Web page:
What amount of money was collected In Newfoundland, for (a) income tax; (b) succession duties; (c) customs duties; (d) excise duties, for the respective years April 1, 1949, to March 31, 1950, and April 1, 1950, to March 31, 1951?
Subtopic: DUTIES AND TAXES COLLECTED IN NEWFOUNDLAND
1. How many cases of alleged domestic combination in restraint of trade have been investigated under the Combines Investigation Act since the first day of January, 1950?
2. (a) Have any reports of investigations under the said act been made by the combines commissioner to the Minister of Justice since the first day of January, 1950; (b) If so, respecting what commodities?
3. How many complaints of alleged injurious restraints of trade have been received by the combines investigation branch during the said period?
4. What prosecutions, if any, arising out of any investigations that have taken place since the first day of January, 1950, have been initiated or launched?
5. Have any actions been taken in the said period by the Minister of Justice or the combines investigation branch in the exchequer court to impeach any patents? If so, how many of such actions have been taken, and against whom?
1. (a) Inquiries into two industries, commenced prior to January, 1950, have been continued and are in advanced stages. Of these, one comprises six distinct and major branches and the other comprises two distinct and major branches.
(b) In two additional cases commenced after January, 1950, preliminary reports were made to the minister to the effect that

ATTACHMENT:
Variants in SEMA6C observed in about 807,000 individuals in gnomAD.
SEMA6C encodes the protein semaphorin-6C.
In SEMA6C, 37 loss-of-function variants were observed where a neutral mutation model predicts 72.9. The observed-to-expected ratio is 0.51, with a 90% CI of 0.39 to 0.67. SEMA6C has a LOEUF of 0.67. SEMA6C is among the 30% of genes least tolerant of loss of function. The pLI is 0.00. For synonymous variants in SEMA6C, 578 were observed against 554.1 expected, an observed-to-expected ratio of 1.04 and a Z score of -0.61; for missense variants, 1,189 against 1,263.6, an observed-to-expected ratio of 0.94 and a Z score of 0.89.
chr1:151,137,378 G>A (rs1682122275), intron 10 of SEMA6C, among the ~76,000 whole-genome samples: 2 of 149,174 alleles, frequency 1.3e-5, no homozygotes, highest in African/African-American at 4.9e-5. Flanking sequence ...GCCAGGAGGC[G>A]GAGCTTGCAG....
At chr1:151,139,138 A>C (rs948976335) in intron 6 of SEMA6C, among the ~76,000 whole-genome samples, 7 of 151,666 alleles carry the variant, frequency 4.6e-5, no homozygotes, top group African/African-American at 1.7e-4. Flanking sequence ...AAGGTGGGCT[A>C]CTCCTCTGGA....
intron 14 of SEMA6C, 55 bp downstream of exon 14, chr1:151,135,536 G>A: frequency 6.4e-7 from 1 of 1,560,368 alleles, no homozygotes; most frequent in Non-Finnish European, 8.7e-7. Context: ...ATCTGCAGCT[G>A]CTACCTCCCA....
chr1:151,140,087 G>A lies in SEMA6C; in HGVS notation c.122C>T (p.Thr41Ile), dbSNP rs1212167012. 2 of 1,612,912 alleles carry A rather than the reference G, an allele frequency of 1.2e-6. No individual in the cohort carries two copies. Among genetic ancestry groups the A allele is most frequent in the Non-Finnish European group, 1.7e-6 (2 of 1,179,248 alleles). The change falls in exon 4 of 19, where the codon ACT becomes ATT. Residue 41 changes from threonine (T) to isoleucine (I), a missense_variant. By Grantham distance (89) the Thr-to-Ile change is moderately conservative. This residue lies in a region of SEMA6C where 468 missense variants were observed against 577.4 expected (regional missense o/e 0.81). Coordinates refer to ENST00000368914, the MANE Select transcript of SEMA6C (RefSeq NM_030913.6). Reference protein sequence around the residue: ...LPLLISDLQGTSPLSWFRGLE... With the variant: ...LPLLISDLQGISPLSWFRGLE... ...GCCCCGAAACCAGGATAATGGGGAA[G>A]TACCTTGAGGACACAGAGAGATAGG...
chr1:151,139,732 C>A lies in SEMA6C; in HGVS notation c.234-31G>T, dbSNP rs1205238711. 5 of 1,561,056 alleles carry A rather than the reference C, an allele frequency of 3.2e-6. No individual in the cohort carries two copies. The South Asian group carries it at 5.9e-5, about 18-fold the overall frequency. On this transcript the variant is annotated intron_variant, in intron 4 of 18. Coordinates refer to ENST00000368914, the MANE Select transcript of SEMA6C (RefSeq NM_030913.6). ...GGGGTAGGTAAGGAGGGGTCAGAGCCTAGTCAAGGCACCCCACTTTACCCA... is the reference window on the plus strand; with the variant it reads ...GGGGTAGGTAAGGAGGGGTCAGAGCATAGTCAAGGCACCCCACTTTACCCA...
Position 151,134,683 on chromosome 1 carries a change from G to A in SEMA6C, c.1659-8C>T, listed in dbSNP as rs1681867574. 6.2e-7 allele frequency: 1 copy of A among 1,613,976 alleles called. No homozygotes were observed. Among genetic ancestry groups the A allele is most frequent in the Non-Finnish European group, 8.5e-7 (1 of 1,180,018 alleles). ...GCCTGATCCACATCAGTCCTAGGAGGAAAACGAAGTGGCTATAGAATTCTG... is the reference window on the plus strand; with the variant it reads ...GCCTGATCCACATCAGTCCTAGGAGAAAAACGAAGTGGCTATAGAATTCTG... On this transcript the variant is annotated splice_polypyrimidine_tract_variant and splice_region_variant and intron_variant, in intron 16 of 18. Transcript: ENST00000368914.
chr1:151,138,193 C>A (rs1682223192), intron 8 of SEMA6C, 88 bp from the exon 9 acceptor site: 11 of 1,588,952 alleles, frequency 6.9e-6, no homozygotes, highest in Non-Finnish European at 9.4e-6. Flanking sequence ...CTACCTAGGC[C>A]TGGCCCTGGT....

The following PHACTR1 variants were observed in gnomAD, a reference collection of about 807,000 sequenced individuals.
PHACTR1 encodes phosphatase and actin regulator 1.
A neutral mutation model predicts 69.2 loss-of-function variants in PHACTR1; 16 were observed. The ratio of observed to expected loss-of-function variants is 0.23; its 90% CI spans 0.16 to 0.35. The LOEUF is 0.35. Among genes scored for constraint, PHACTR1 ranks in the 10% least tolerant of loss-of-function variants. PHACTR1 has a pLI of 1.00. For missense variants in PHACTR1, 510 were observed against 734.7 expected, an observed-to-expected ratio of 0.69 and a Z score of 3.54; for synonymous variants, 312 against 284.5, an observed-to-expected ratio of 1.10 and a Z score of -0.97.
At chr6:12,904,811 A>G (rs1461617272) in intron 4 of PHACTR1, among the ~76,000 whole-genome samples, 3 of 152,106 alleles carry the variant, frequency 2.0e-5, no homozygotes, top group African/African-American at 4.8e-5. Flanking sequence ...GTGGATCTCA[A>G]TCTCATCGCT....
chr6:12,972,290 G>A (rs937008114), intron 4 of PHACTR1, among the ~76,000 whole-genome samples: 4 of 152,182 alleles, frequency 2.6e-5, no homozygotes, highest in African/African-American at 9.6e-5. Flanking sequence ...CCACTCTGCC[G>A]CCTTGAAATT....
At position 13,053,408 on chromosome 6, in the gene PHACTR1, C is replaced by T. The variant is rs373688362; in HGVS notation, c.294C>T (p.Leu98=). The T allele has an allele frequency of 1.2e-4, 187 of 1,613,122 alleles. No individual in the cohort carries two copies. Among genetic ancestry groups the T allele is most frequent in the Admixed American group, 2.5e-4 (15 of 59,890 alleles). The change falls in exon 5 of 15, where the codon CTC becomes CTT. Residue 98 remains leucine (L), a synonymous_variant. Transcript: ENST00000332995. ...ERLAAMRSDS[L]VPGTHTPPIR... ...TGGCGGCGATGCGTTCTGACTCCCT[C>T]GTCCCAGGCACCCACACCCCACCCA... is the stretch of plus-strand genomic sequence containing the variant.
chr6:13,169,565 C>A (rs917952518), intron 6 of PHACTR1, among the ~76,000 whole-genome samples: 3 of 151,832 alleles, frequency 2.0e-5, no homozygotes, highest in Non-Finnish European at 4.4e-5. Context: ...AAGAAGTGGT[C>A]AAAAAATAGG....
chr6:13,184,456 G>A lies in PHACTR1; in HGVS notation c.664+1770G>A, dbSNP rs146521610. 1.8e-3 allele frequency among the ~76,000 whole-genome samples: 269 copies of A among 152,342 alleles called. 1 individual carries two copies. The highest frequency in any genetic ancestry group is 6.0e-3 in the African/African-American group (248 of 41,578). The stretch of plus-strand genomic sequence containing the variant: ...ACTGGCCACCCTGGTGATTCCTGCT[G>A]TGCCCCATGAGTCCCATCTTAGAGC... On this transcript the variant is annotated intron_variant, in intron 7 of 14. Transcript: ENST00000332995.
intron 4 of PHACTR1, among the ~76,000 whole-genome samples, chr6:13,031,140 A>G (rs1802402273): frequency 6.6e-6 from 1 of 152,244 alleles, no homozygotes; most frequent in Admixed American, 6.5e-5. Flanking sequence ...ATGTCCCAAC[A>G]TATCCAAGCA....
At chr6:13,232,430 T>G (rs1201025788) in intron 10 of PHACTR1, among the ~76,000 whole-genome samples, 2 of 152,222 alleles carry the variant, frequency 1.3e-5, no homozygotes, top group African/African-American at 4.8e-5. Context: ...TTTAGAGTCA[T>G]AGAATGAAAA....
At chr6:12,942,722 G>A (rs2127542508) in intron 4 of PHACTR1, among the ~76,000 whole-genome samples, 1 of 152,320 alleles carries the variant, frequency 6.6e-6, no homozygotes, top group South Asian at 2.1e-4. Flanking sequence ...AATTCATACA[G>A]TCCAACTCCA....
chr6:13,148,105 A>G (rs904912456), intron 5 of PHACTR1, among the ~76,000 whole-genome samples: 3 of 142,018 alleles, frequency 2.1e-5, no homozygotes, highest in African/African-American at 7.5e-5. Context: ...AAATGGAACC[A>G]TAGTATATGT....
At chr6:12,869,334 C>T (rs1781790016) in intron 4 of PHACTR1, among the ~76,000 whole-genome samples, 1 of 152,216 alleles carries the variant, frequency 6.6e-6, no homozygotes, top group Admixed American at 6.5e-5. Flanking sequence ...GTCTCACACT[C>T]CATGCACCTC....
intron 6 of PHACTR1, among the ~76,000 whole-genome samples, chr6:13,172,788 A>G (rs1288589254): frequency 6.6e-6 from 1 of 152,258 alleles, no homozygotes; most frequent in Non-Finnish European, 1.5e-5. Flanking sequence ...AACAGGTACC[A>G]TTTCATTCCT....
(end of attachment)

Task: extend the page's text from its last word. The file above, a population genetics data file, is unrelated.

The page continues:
the evidence obtainable did not definitely indicate a combine but the situations would be kept under surveillance. One of these related to the sale of bread in a maritime province, and the subject of the other cannot be disclosed without danger of prejudice to further inquiry.
(c) In one additional case commenced after January, 1950, extensive hearings were held and an interim report is under preparation. The subject matter cannot be disclosed for reasons similar to those above mentioned.
(d) In addition to the foregoing, there are a large number of matters commenced after January, 1950, in various preliminary stages of inquiry, but it is not known at their present stages which or how many of them will lead to formal investigation,
2. (a) Answered by No. 1; (b) answered by No. 1.
3. Seventy-five, none of which was a formal application under section 11 of the act. Some such complaints were bare assertions of the existence of a combine, and many others indicated no substantial evidence. These complaints were all examined, and, where the evidence submitted or obtained justified, they have been carried into various stages of inquiry or investigation. In addition to these seventy-five cases, trade in many other commodities, in respect of which no complaints were received, was examined upon the initiative of the commissioner.
4. No prosecutions have been initiated or launched with respect to matters arising out of inquiries subsequent to January 1, 1950. Prosecutions since January 1, 1950, have been taken with respect to an alleged combine in the distribution and sale of flat glass in Ontario and Quebec; with respect to an alleged combine in the bread-baking industry in Saskatchewan, Alberta and British Columbia, and with respect to an alleged combine in the manufacture, distribution and sale of wooden matches throughout Canada. These prosecutions arose out of investigations completed prior to January 1, 1950.
5. No. Two actions commenced prior to January 1, 1950, are now on appeal in the Supreme Court of Canada.